Viewing a Production of School for Scandal: Merits and Cultural Problems
I often tell my students that a play needs to be seen and heard to be properly appreciated. Reading a play requires an ability to visualize, and it is very difficult to manage this visualization without a careful scrutiny of the stage directions and some experience reading drama. This notion is especially true for Richard Brinsley Sheridan's School for Scandal, which makes the reader wish for a fine production to view.
In the fourth act when Lady Teazle and Sir Peter are each peeking out of their respective hiding places, and Joseph is cautioning each to retreat, the reader can only imagine the fun occurring on stage. But when the screen falls later in that same act and Lady Teazle is exposed, this bit of slapstick demands to be seen. Mark S. Auburn related in Sheridan Studies that anyone passing by the theatre during that scene would have heard the riotous laughter of the audience that erupted from the theatre. This type of comedy was an early inspiration for the silly situation comedies that are a staple of television viewing; but if this play is so funny, why is it so infrequently staged?
Some critics suggest that the language is stilted or the subject matter not topical. When Peter Wood was interviewed about his 1990 production of School for Scandal, he expressed the opinion that the public might be developing a new appreciation for the rhythm and tone of language such as Sheridan's. And while it is true that the comedy of manners motif might be of less interest to twentieth-century audiences, it is certain that with tabloid journalism an especially hot topic on television and in mainstream newspapers, the public's interest in gossip, or in a play that satirizes gossip, should be apparent.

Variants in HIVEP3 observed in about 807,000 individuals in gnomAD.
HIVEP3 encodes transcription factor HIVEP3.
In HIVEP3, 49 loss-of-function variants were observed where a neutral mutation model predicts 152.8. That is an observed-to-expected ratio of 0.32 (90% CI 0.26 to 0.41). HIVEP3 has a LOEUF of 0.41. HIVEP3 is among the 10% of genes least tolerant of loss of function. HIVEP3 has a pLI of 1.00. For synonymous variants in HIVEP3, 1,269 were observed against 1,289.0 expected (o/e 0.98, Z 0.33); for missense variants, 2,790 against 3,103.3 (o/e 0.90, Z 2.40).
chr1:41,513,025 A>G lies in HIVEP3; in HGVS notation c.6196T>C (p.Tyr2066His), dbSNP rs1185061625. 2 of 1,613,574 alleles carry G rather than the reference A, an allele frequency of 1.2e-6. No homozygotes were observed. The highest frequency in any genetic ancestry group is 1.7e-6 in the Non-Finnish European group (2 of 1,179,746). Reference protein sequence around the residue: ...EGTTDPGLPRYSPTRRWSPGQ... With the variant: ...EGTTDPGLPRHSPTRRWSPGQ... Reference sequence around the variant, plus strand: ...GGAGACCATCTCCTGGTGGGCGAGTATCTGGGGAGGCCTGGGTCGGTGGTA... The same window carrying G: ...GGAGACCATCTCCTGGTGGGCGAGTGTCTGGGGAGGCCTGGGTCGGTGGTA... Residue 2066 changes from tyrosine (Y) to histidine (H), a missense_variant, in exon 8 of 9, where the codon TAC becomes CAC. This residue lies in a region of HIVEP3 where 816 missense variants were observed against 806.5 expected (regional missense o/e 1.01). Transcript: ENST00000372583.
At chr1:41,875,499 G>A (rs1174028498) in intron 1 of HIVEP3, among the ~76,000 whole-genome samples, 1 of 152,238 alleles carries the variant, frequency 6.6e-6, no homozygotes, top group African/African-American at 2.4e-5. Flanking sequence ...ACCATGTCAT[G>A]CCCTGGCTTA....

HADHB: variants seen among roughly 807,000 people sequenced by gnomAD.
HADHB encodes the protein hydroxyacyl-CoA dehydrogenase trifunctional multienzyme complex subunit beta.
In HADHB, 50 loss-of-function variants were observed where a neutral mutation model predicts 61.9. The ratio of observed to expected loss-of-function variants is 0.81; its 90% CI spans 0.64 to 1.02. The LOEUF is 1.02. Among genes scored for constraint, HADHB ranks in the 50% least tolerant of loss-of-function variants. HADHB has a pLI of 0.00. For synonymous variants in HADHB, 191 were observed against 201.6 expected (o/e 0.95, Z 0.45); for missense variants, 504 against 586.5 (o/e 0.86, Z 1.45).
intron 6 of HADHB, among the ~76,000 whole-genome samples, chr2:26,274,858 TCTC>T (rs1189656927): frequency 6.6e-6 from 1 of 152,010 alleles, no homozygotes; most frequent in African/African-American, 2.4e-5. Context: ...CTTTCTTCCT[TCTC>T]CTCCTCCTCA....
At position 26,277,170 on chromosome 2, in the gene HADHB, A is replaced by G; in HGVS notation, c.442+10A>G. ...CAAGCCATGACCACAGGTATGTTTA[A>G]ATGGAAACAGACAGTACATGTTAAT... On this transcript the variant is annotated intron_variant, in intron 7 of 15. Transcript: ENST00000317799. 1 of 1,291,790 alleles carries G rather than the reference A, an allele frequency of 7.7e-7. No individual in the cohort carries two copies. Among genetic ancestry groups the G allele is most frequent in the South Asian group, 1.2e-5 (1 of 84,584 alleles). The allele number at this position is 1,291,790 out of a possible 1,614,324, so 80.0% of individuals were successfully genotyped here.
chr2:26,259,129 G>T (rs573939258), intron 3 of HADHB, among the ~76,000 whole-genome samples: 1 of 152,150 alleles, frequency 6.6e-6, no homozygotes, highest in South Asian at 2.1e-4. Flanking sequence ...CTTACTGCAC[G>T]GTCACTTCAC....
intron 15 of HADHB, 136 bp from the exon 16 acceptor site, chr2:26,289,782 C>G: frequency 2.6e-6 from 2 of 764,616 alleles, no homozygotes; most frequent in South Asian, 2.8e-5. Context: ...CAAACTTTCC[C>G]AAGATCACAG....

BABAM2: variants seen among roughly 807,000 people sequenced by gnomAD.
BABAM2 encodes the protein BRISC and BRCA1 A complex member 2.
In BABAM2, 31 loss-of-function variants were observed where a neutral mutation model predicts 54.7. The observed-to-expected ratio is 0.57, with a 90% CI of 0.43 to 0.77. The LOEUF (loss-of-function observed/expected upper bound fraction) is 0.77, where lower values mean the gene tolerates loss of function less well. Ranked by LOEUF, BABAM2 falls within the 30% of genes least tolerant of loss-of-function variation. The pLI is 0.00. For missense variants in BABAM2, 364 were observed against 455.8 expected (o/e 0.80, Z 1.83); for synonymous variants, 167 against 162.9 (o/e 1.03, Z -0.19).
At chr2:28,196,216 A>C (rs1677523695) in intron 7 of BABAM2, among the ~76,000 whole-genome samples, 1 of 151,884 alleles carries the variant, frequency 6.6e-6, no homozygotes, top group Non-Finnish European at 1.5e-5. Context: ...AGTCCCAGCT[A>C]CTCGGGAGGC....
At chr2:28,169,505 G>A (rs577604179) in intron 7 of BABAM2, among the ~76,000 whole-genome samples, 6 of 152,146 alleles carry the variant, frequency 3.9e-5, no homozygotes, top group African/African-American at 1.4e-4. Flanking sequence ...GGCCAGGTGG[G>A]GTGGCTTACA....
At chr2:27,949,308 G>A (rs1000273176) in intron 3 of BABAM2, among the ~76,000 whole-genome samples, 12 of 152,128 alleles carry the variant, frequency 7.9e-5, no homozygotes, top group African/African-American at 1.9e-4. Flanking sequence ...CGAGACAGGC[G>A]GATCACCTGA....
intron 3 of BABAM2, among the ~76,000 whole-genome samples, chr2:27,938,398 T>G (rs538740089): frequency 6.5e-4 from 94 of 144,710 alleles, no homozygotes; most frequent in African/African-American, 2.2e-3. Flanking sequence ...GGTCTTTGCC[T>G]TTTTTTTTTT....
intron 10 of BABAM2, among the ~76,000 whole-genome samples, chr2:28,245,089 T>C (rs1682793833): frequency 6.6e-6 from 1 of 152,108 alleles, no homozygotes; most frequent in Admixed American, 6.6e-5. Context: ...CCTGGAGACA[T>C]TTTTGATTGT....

But if language and topic do not limit the play's reception, what other reasons might? One possibility is offered by Richard Taylor, who suggested in Sheridan Studies that the play's anti-Semitism may present a problem for audiences. Taylor asserted that "the anti-Semitism that runs through School for Scandal produces palpable discomfort in contemporary audiences, and no amount of directorial cutting easily eliminates it."
Anti-Semitism was a part of eighteenth-century English life. An act that would have permitted Jews to become naturalized citizens was repealed immediately when anti-Semitic street mobs loudly protested the law. When Moses is introduced in Act III of School for Scandal, his name is prefaced with the character descriptor "Honest." Since it was Moses who led the Jews from Egypt to their salvation during the Biblical Exodus, the audience should expect that this Moses will help Charles to his reward. But as important as his name is the qualifier that comes before it. Sheridan places great emphasis on "honest," using the word many times to describe Moses. The obvious inference is that Moses is an exception: moneylenders are stereotyped as dishonest.
The same is true for the overly used "friend" or "friendly." If descriptions of Moses must note his friendliness, then the point is made that most moneylenders are not their client's friends. Historically Jews have been identified with usury or moneylending, and in School for Scandal, Sheridan also identifies Jews as dishonest and unfriendly—proven by the fact that Moses's honesty and friendship are repeatedly inferred as anomalous to both his race and occupation.
In School for Scandal, to be a moneylender is to be a cheat. Sir Oliver is told that to be successful in his disguise, he must demand 50% interest. And if the subject seems...
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